The poison that killed Kim Jong-nam, the older half-brother of North Korean leader Kim Jong-un, last week was VX nerve agent, according to Malaysian authorities. The substance is banned under the U.N.’s Chemical Weapons Convention, and it’s considered a weapon of mass destruction.
North Korea never signed the agreement and according to The Wall Street Journal it’s believed to possess several thousand metric tons of chemical weapons.
Exposure to even 10 milligrams of the nerve agent can be deadly, and it’s unclear how Kim’s attackers administered the poison without seriously harming anyone else. Malaysian investigators said two female suspects coated their hand with the liquid and rubbed it on Kim’s face at the Kuala Lumpur airport on February 13. The New York Times notes that it’s possible to prepare the poison as two separate compounds and mix them together at the last minute.
Initial reports suggested the two women wiped a cloth across Kim’s face, but this week Malaysia’s police chief said they used their bare hands. A senior police official told the Journal that at least one of the women was actually wearing gloves. One of the women vomited after the attack, but no one else was sickened.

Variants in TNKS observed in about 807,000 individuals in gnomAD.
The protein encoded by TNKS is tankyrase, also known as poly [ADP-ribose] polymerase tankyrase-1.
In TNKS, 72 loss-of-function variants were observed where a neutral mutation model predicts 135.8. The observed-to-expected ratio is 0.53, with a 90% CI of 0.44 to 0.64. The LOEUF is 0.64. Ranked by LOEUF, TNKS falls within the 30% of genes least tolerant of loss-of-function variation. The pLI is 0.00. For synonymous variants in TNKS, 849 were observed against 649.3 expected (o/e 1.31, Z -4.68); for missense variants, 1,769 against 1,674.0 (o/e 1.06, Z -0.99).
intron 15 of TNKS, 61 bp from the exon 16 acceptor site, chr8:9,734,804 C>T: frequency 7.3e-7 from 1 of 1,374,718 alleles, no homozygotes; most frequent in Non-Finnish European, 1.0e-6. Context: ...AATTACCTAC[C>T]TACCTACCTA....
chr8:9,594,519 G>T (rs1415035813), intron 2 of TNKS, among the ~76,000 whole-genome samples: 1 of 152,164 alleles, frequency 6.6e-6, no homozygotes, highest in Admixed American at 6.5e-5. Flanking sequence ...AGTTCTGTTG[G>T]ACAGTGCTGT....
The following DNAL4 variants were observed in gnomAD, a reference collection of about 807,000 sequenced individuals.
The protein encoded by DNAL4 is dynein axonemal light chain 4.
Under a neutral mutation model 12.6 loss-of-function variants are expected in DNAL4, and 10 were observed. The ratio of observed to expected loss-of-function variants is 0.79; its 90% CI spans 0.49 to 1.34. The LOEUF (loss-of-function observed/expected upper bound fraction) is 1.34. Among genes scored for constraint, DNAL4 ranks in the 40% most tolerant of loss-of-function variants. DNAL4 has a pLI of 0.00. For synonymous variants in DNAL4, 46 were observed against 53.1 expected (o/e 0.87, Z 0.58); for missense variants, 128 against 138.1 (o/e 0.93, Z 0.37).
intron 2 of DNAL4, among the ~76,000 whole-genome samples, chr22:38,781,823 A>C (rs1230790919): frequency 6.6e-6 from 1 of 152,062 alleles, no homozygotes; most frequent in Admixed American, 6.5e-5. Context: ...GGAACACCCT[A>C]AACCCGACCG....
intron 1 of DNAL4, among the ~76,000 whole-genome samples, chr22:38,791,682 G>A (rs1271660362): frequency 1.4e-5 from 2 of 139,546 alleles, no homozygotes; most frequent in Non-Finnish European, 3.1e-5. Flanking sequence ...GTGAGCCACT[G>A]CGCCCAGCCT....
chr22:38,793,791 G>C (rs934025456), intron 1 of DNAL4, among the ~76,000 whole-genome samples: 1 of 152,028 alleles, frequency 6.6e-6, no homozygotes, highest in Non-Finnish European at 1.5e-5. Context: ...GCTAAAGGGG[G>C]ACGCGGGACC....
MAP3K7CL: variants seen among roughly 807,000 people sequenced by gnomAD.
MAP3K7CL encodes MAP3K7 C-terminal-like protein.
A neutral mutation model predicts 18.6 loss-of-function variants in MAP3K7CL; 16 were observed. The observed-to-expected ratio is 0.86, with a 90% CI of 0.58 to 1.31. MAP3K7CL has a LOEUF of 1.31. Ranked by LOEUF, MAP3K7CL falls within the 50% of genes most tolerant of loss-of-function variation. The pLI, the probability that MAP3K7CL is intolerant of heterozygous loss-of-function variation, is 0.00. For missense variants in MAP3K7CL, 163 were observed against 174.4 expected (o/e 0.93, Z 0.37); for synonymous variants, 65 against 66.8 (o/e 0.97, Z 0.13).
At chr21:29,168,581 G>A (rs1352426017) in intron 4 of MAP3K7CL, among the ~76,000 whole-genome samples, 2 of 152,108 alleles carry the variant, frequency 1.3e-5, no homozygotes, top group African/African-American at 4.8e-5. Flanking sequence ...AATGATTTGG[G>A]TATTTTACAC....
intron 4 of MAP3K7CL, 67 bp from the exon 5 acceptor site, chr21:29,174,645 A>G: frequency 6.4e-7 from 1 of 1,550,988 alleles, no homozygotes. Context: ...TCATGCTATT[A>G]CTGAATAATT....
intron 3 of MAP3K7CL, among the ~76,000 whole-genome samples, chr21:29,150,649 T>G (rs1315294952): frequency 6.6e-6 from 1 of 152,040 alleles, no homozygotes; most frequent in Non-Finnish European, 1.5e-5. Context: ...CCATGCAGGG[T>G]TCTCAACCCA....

“It’s a very toxic nerve agent. Very, very toxic,” Dr. Bruce Goldberger, a toxicologist at the University of Florida, told the AP. “I’m intrigued that these two alleged assassins suffered no ill effect from exposure to VX. It is possible that both of these women were given the antidote.”
Kim sought medical attention at the airport, but he fell into convulsions and died at the hospital within two hours.
In addition to the two women, police arrested a North Korean man believed to be an IT worker at a Malaysian herbal supplements company. Malaysian police are looking for seven more North Korean suspects.
The North Korean government claims the Malaysian investigation is full of “holes and contradictions,” buy obviously they’re believed to be behind the attack. Kim Jong-nam had publicly criticized his younger brother, and he was seen as a threat to Kim Jong-un’s rule. He’s not the first of the dictator’s relatives to wind up dead.